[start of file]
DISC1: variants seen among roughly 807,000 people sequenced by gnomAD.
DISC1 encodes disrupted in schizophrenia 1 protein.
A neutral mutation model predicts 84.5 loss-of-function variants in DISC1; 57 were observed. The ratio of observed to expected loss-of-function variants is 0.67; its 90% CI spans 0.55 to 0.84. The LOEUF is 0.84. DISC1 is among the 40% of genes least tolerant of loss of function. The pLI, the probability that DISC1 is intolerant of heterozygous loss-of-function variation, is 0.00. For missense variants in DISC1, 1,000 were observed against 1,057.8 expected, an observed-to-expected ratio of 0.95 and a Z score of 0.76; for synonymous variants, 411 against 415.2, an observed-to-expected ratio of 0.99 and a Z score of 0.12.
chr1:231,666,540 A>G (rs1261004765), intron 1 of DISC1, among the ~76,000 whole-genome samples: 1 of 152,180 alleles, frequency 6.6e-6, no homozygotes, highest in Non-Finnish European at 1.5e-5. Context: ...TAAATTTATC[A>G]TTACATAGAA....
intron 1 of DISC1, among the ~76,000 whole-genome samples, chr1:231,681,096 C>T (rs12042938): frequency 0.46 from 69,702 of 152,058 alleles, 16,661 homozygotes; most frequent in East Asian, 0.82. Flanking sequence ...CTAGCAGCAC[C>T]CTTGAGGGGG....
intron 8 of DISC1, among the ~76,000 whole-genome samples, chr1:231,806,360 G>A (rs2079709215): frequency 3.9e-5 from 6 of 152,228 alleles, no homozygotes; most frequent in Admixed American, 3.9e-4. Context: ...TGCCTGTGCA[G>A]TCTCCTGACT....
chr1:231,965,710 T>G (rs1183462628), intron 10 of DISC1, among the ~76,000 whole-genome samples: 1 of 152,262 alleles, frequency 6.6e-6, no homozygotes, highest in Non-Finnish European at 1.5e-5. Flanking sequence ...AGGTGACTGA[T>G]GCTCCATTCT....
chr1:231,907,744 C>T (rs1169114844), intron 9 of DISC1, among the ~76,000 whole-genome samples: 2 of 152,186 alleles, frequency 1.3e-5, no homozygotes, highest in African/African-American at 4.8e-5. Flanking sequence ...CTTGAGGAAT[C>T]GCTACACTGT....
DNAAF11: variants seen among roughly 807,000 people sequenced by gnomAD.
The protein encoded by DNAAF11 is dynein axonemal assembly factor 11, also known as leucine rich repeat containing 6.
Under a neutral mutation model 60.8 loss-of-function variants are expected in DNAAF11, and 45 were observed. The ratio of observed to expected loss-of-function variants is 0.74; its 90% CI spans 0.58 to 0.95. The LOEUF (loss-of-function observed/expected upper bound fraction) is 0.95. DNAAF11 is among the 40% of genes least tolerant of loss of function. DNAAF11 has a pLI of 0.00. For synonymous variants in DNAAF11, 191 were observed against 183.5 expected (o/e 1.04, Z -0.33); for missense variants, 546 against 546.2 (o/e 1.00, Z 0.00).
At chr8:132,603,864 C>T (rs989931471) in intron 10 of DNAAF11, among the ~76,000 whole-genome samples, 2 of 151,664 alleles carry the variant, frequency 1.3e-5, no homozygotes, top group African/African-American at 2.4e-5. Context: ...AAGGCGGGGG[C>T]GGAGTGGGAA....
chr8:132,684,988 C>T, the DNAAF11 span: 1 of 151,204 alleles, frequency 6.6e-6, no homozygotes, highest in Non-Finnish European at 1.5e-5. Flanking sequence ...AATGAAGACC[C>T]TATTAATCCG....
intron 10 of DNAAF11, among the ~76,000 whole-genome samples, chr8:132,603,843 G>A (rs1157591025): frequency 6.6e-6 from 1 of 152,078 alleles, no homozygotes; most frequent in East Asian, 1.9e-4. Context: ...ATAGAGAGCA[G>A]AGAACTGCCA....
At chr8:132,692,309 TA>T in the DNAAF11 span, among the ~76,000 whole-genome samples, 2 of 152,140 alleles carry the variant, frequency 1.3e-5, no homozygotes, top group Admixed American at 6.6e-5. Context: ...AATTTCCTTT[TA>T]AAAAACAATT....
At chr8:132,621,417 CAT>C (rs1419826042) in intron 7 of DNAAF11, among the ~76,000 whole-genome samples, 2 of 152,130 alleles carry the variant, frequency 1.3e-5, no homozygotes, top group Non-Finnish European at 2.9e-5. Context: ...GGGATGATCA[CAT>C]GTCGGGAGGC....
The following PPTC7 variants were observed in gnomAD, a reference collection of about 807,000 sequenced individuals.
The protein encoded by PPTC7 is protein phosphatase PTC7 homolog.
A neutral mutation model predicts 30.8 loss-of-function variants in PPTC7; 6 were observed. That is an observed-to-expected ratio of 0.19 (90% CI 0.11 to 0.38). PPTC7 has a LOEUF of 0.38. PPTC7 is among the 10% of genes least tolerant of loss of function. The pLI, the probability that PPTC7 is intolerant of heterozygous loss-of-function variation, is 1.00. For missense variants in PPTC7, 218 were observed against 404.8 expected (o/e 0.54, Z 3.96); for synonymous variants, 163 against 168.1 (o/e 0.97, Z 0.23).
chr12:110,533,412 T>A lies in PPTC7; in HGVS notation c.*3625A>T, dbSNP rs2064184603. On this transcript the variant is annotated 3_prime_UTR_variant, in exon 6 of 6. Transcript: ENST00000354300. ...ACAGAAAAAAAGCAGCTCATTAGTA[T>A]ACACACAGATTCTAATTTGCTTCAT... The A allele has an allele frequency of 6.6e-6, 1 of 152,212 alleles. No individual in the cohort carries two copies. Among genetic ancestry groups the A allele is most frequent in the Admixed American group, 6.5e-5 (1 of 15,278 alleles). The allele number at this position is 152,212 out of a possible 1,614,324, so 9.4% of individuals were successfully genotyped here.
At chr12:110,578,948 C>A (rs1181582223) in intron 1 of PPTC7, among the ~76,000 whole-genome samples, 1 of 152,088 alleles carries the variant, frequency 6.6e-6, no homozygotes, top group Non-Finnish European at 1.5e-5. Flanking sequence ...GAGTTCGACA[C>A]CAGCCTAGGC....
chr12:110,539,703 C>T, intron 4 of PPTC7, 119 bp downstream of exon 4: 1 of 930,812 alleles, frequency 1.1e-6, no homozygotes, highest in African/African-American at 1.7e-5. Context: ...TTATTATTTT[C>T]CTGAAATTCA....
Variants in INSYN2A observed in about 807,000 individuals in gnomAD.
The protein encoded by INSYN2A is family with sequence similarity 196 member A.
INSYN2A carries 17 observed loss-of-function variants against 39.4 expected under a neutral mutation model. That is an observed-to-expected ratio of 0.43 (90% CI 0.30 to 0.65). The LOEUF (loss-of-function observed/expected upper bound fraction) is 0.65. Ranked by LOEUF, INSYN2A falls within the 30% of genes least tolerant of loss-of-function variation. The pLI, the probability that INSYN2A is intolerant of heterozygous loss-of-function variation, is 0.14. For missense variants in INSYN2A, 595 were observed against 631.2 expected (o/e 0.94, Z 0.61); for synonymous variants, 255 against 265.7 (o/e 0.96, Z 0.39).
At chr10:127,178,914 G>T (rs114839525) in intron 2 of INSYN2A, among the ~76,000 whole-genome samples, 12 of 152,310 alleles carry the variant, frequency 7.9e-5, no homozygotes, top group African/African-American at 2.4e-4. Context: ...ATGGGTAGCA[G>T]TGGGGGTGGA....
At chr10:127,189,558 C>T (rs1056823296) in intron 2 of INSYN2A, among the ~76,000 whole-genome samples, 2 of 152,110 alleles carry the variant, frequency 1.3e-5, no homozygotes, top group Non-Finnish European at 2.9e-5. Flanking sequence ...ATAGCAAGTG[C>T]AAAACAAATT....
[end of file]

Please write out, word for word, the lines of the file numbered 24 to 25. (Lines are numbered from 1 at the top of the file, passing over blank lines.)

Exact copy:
The protein encoded by INSYN2A is family with sequence similarity 196 member A.
INSYN2A carries 17 observed loss-of-function variants against 39.4 expected under a neutral mutation model. That is an observed-to-expected ratio of 0.43 (90% CI 0.30 to 0.65). The LOEUF (loss-of-function observed/expected upper bound fraction) is 0.65. Ranked by LOEUF, INSYN2A falls within the 30% of genes least tolerant of loss-of-function variation. The pLI, the probability that INSYN2A is intolerant of heterozygous loss-of-function variation, is 0.14. For missense variants in INSYN2A, 595 were observed against 631.2 expected (o/e 0.94, Z 0.61); for synonymous variants, 255 against 265.7 (o/e 0.96, Z 0.39).